Samuel Dyer

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For the translator, see Samuel Dyer (translator).
Samuel Dyer
SamuelDyerPenang.jpg
Missionary to the Chinese
Born (1804-02-20)20 February 1804
Greenwich, England
Died 24 October 1843(1843-10-24) (aged 39)
Macau, China
Nationality British
Religion Congregationalist
Spouse(s) Maria Dyer
(née Tarn)
Parents John Dyer
Eliza Seager

Samuel Dyer 台約爾 (20 February 1804 – 24 October 1843), was a British Protestant Christian missionary to China in the Congregationalist tradition, who worked among the Chinese in Malaysia. He arrived in Penang in 1827. Dyer, his wife Maria, and their family lived in Malacca and then finally in Singapore. He was known as a typographer for creating a steel typeface of Chinese characters for printing to replace traditional wood blocks. Dyer's type was accurate, aesthetically pleasing, durable and practical.[1]

Life in England[edit]

Samuel Dyer was born at the Royal Greenwich Hospital (London), England to John Dyer and Eliza (Seager). He was the fifth of the eight Dyer children. His father was a secretary of the Royal Hospital for Seaman, and later became Chief clerk of the Admiralty in 1820. John was also an acquaintance of Robert Morrison, who was soon to become the first Protestant missionary to China, a connection that would have enormous implications in the life of his son, Samuel.[2][3] Morrison and his Chinese tutor Yong Sam-tek visited the Dyer home in Greenwich during Morrison’s period of study in medicine and astronomy between 1805-1806.[4]

Dyer was schooled at home until he was 12, and then educated in a boarding school at Woolwich, in south east London from 1816, superintended by the Rev. John Bickerdike, a minister with the English Dissenters.[5]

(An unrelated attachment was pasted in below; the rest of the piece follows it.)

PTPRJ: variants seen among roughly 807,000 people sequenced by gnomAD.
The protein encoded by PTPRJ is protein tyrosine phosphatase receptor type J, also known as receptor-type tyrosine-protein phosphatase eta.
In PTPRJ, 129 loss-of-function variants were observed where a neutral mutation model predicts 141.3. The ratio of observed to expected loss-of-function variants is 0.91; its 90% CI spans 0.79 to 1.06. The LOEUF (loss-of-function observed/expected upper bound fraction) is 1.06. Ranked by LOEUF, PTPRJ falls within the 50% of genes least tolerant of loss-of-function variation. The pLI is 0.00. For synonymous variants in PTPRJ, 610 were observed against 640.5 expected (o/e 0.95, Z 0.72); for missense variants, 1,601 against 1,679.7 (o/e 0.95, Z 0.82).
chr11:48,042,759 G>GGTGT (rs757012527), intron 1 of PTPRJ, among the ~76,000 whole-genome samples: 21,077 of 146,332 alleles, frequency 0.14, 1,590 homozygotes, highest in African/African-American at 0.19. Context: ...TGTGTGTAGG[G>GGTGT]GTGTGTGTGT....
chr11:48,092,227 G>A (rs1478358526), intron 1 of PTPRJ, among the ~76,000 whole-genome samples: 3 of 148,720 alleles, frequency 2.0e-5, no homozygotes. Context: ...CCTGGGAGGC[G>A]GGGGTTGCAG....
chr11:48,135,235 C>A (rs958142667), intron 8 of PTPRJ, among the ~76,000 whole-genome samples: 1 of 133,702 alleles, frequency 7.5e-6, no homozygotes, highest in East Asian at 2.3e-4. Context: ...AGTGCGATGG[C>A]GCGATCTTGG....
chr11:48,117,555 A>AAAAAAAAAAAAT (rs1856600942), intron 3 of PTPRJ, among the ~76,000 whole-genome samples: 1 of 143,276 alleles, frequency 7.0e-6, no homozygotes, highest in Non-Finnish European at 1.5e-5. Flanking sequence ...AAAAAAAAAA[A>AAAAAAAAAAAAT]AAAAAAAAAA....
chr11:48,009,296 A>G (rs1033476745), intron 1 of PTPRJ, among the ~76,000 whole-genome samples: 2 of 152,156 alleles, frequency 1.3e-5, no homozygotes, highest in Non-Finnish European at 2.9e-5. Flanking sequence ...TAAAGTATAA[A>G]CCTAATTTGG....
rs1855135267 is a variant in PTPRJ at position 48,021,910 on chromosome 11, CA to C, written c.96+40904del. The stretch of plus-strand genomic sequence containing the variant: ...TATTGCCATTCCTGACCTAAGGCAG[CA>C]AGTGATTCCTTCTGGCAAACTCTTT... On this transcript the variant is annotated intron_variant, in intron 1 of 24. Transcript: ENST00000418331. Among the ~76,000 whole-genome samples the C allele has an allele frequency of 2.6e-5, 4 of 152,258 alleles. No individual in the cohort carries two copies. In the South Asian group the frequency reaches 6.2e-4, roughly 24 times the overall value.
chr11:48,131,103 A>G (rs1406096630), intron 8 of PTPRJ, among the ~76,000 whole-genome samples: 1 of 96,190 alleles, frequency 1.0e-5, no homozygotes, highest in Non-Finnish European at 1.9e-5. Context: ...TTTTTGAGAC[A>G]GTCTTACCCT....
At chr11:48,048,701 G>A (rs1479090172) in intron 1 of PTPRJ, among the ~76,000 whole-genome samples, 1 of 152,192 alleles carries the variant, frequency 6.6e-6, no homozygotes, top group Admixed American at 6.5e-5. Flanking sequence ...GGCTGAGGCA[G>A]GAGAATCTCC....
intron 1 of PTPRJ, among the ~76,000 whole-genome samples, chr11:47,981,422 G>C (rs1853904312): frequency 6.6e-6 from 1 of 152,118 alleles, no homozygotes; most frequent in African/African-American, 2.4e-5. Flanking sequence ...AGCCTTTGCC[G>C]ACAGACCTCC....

In 1820 He experienced a conversion to Christ at Thomas Wilson's Paddington Chapel, in Paddington, Northwest London, under ministry of the Rev. James Stratten and soon Dyer began teaching Sunday school there. In 1822 he was formally admitted into membership.

Dyer later wrote about his time, there:

Paddington lives in my warmest affections. It was there that I kneeled on the separating line between Christ and the world. I kneeled and prayed for strength to side with Christ; I arose, and was inwardly assisted to turn my back upon the world. And from that good day to this, Jesus has been precious to my soul.

He studied law and mathematics at Trinity Hall, Cambridge,[6] but in 1823 he withdrew from University in his fifth term, refusing for conscience sake to declare himself a member of Church of England in order to graduate [7] . While studying law, he read a pamphlet from his father’s study, the ‘’Memoir of Mrs. Charles Mead of the London Missionary Society in Tranvancore, Kerala, India’’, which afterwards turned his thoughts to missionary service that would occupy the rest of his life. The pamphlet consisted of sermon preached at Mrs. Mead’s funeral, ‘’All for Christ and the Good of Souls’’, the text of which is taken from Rev. 12:11, “and they loved not their lives unto the death.” [8]

In ‘’A Sketch of Mr. Dyer’s Life and Character’’, his wife Maria would later write, “The reading of the pamphlet, “Memoir of Mrs. Mead” so powerfully impressed his mind with the importance of consecrating himself to missionary work, that when he began to study again, on Monday morning, he found he could not proceed; and every time he read this Memoir it had the same effect: so that at last he determined to give up the Bar, and devote himself to the work of Christ among the heathen.”